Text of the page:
updated 11/5/2006 3:55:14 PM ET 2006-11-05T20:55:14

At least six Arab countries are developing domestic nuclear power programs to diversify energy sources, a Middle East economic magazine reported on Saturday.

Saudi Arabia, Egypt, Morocco and Algeria have shown interest in developing nuclear power primarily for water desalination, the Middle East Economic Digest (MEED) quoted Tomihiro Taniguchi, deputy director-general of the Vienna-based International Atomic Energy Agency (IAEA), as saying.

“We held preliminary discussions with these governments. We will offer them help under our technical advisory programme to conduct a study for the power plants,” he was quoted as saying, adding that the interest the four nations had shown was “at a tertiary stage.”

The United Arab Emirates and Tunisia have also shown interest in nuclear power, but their plans are at an infant stage, the magazine said.

Analysts say that besides the need for alternative energy sources, many Arab countries are concerned about Iran’s nuclear ambitions.

Western powers are attempting to forge a U.N. resolution to force Iran to suspend its nuclear program.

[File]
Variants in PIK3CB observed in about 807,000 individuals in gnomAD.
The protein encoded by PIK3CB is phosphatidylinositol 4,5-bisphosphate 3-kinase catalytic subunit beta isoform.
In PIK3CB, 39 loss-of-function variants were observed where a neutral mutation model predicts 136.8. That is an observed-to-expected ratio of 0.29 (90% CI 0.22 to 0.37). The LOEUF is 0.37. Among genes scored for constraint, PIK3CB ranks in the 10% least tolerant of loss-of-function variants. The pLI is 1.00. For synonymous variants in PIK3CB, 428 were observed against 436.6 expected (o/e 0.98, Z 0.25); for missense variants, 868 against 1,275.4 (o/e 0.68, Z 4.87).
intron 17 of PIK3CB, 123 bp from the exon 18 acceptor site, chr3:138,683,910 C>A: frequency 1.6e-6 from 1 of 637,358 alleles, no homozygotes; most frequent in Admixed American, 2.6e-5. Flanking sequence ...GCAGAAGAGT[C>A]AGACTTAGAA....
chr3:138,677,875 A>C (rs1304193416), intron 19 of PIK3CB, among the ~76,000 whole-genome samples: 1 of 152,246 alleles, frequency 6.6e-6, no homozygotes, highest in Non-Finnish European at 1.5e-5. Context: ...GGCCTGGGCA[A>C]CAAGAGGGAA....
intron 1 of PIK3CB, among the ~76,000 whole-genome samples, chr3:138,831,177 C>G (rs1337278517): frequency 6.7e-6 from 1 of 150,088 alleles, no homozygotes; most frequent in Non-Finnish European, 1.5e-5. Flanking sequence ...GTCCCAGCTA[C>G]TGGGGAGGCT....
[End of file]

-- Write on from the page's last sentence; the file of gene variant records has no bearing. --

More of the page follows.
Iran says it has a right to develop nuclear fuel, which it says it wants for peaceful goals, but which the West fears will be used to make atomic bombs.

Egypt’s nuclear program is the Arab world’s most advanced. Russia is looking to take part in a tender to construct nuclear power stations in the country, a Russian official said this week.

Egypt has ordered studies into building atomic power stations after President Hosni Mubarak in September called for a national dialogue on the issue.

MEED said Algeria’s plans were the next most advanced after Egypt.

Copyright 2012 Thomson Reuters. Click for restrictions.


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